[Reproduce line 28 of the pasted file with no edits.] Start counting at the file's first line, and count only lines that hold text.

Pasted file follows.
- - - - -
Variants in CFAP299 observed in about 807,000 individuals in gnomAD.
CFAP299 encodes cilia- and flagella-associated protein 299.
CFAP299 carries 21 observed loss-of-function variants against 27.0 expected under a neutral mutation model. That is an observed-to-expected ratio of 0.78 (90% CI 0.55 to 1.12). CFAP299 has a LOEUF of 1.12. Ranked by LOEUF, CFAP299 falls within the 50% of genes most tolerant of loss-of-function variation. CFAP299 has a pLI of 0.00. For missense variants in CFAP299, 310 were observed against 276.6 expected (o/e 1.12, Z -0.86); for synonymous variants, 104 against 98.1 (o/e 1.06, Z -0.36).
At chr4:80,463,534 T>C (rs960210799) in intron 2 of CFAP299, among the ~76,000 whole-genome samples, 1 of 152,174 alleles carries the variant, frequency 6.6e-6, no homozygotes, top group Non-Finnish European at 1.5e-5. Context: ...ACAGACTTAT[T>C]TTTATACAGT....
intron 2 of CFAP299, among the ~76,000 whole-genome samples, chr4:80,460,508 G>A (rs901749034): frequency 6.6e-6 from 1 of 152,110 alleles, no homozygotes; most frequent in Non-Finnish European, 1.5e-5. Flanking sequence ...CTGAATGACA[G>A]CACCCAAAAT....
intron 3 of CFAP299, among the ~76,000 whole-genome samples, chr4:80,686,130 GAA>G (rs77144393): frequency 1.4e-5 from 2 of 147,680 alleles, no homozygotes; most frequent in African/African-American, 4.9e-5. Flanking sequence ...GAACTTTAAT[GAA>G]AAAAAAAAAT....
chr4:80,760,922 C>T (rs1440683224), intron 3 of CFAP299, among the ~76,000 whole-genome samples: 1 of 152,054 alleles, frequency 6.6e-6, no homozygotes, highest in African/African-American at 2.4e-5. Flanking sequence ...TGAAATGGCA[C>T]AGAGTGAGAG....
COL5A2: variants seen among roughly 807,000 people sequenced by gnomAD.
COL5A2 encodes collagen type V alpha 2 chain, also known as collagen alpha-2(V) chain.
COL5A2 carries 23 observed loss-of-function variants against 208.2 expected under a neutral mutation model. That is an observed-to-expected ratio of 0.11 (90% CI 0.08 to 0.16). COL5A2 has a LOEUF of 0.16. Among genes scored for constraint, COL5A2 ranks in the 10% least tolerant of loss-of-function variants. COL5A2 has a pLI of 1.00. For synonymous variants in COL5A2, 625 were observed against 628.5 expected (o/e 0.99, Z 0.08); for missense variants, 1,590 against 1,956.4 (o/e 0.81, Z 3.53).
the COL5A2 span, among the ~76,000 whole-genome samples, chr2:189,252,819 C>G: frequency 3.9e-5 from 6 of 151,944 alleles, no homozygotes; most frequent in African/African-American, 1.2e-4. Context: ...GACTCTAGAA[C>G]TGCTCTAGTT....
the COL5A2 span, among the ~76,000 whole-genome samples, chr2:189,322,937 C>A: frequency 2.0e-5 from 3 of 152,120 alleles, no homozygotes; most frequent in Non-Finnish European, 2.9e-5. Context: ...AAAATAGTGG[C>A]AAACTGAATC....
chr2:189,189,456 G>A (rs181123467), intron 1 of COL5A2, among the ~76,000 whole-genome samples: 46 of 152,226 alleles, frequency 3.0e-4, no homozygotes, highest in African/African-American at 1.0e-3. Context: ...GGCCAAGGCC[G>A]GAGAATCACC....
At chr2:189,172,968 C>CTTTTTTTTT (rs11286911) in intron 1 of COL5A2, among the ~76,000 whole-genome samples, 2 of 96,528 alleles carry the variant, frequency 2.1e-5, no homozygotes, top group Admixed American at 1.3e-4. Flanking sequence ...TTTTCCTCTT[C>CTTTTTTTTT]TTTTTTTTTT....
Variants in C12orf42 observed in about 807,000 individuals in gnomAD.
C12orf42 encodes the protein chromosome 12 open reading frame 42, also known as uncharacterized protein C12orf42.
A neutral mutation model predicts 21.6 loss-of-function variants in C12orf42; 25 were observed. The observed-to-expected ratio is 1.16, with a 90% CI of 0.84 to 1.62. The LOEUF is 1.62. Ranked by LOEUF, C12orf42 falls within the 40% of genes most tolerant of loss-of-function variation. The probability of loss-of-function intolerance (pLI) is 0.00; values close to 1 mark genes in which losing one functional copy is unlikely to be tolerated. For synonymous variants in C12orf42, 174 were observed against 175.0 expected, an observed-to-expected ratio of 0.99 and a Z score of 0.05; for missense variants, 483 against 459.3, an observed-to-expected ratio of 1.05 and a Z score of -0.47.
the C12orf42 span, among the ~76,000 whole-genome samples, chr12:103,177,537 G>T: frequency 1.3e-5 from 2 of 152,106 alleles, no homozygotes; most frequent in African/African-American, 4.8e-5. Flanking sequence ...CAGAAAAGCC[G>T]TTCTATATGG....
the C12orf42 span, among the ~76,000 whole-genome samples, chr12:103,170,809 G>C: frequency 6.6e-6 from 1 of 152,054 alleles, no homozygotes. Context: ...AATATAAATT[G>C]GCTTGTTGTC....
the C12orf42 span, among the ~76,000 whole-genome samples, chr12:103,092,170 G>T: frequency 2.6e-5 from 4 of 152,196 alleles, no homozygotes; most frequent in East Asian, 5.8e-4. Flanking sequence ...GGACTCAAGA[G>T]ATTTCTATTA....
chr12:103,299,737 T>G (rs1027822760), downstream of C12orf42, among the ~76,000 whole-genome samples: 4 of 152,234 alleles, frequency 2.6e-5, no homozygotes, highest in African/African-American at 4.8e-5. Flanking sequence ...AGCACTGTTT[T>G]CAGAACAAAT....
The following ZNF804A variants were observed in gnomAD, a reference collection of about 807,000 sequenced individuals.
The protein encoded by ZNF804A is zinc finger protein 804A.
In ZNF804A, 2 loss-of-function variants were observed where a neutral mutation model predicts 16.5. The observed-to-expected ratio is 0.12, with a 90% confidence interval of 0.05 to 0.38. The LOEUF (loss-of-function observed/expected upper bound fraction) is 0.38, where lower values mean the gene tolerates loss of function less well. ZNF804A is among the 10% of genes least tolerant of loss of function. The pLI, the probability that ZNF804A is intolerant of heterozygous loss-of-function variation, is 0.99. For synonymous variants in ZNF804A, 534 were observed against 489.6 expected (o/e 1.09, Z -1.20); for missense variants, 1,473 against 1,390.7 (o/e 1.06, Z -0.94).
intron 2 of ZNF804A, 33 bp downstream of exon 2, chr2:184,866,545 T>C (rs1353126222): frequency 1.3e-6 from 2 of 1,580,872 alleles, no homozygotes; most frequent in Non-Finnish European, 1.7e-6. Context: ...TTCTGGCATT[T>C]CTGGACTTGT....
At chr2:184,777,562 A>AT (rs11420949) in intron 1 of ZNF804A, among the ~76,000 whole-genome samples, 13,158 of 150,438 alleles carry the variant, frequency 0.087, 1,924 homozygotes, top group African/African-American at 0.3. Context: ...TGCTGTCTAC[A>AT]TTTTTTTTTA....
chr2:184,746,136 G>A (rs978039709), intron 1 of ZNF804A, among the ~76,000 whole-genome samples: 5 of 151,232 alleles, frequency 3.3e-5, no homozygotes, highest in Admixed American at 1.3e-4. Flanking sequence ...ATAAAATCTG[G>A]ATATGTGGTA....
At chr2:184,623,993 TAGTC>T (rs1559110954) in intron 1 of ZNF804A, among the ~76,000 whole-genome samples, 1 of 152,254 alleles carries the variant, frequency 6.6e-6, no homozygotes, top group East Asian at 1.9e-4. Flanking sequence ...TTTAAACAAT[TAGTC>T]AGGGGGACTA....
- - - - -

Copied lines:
At chr2:184,623,993 TAGTC>T (rs1559110954) in intron 1 of ZNF804A, among the ~76,000 whole-genome samples, 1 of 152,254 alleles carries the variant, frequency 6.6e-6, no homozygotes, top group East Asian at 1.9e-4. Flanking sequence ...TTTAAACAAT[TAGTC>T]AGGGGGACTA....